Justice for Rwandan genocide victims

A Dutch appeals court today sentenced Joseph Mpambara to life imprisonment on war crimes charges committed during Rwanda’s 1994 genocide in which 800,000 Tutsis and moderate Hutu were killed.

The Court of Appeals found that Mpambara led a large-scale attack on an Adventist compound in which great numbers of Tutsi civilians, among them many women and children, had sought shelter. Hundreds of refugees were butchered and died as a result.

The Court also established that Mpambara played a major role in halting an ambulance carrying two women and their children who were then beaten with clubs and hacked to death with machetes. He was also found guilty of torturing a Rwandan-German couple and their baby at a checkpoint, when they were trying to escape the extreme violence against Tutsis.

Mpambara had been convicted in March 2009 of torture and sentenced to 20 years imprisonment, but was acquitted on allegations of war crimes. He was the first Rwandan to be condemned in the Netherlands for crimes during the Rwandan genocide. Both the prosecutor and Mpambara appealed that ruling.

The victim who endured hours of torture alongside his wife and baby expressed relief at the sentence: “We are very pleased and satisfied about this life-long sentence. Also the court’s reasoning and considerations seem to be very serious and take into account the real facts of the genocide.”

The Court considered the facts of the case to be among the most serious crimes judged by a Dutch Criminal Court since the Second World War, and that the sentence for such crimes must send a signal of deterrence. REDRESS and African Rights, two human rights organisations that work to end safe havens for genocide suspects abroad, and have been working closely with survivors in Rwanda and abroad, welcomed the judgment.

Rakiya Omaar, director of African Rights, stated:

“The decision of the Dutch court will encourage the many countries around the world, where genocide suspects are currently living, to appreciate that these types of investigations, prosecutions and trials are possible, and that impunity is not an option.”

Carla Ferstman, director of REDRESS, said:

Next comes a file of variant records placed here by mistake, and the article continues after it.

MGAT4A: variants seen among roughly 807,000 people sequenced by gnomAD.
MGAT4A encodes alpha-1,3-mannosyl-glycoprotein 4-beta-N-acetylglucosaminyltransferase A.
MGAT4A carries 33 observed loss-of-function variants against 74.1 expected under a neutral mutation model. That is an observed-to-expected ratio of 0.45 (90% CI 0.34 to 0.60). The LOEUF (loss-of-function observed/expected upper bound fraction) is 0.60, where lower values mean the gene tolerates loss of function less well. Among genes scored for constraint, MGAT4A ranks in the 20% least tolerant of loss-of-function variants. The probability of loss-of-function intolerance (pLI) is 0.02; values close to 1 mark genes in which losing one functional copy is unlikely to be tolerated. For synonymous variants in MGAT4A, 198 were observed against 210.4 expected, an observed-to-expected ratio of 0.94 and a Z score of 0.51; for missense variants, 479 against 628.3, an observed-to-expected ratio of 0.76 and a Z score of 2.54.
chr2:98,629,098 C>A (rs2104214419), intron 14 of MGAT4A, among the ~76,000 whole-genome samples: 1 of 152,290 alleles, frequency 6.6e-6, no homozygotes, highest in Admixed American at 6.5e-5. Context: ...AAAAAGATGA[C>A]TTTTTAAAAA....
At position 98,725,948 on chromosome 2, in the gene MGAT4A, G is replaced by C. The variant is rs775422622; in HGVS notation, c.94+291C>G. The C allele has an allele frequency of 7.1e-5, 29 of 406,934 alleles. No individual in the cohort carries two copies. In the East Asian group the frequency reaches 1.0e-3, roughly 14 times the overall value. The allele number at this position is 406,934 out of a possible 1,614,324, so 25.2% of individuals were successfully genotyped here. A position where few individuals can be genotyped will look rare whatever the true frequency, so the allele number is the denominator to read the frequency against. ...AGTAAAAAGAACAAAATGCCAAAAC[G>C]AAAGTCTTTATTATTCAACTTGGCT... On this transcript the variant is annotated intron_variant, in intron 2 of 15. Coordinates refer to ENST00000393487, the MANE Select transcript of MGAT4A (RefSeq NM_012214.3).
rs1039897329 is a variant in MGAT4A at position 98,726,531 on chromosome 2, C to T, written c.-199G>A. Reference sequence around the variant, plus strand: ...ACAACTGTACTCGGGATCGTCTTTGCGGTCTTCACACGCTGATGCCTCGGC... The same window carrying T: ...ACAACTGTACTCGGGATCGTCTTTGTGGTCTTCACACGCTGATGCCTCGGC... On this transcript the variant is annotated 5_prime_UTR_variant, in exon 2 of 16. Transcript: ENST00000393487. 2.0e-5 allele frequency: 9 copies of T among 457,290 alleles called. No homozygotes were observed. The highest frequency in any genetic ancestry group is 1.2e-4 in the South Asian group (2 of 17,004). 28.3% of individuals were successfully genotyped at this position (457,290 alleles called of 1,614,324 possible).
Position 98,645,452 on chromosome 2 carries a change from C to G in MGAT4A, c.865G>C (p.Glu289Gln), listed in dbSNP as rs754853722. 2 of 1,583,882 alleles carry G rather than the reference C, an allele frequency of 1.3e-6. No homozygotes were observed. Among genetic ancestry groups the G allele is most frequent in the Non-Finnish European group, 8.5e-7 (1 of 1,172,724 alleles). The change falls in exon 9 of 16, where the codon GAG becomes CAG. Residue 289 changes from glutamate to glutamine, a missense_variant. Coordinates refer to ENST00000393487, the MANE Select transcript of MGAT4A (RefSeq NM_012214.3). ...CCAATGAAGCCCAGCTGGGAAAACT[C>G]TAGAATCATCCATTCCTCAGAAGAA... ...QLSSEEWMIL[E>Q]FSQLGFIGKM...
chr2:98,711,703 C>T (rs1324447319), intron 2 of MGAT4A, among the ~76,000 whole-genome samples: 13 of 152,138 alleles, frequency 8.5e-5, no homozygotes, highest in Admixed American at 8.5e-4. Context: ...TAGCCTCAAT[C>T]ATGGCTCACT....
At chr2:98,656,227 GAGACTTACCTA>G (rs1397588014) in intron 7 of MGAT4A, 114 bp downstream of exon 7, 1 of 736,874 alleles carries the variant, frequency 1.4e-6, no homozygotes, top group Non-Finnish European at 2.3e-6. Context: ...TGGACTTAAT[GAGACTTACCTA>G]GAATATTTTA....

“This important decision confirms that perpetrators of the worst crimes will be held accountable irrespective of where and when they are found. Justice has prevailed, to the immense relief of survivors.”

The organisations also applauded the decision of the court to award compensation for the damage suffered by survivors. Although merely symbolic, it is a gesture which acknowledges that survivors have a right to reparation, including compensation.


Mpambara, a businessman and engineer in Mugonero, Rwanda, during the 1994 genocide, had been living in the Netherlands since 1998, but his request for asylum was turned down because of his suspected involvement in the massacres. The Dutch authorities arrested him in Amsterdam on August 7, 2006.

His first instance trial lasted from October 2008 to March 9 2009. Mpambara was acquitted of other counts as there was insufficient evidence against him. Also, the Dutch court could not convict him of genocide, as there was no “universal jurisdiction” under Dutch law over Rwanda’s 1994 genocide.

This led to debates in the Dutch Parliament and amendments have been introduced, though not yet adopted, which would provide Dutch authorities with the competence to prosecute Rwandan genocide suspects for genocide in the future.

This is important as it recognises the severity of the crime. REDRESS works internationally to promote the legal rights of victims of torture and related international crimes. It advocates for the rights of victims to a remedy, reparations, working with victims around the world as well as lawyers and partner NGOS to promote justice at both national and international levels.

African Rights documents human rights violations, investigates genocide and conflict and promotes dialogue. It brings a strong commitment to participatory research together with experienced advocacy. It works in an integrated manner to document and analyse social and economic as well as civil and political injustices, providing fresh understandings of deep rooted problems.

For further information, contact:

Juergen Schurr, legal advisor, REDRESS, at [email protected], + 44 (0) 20 7793 1777

Rakiya Omaar, director of African Rights, at [email protected], + 250 788 480755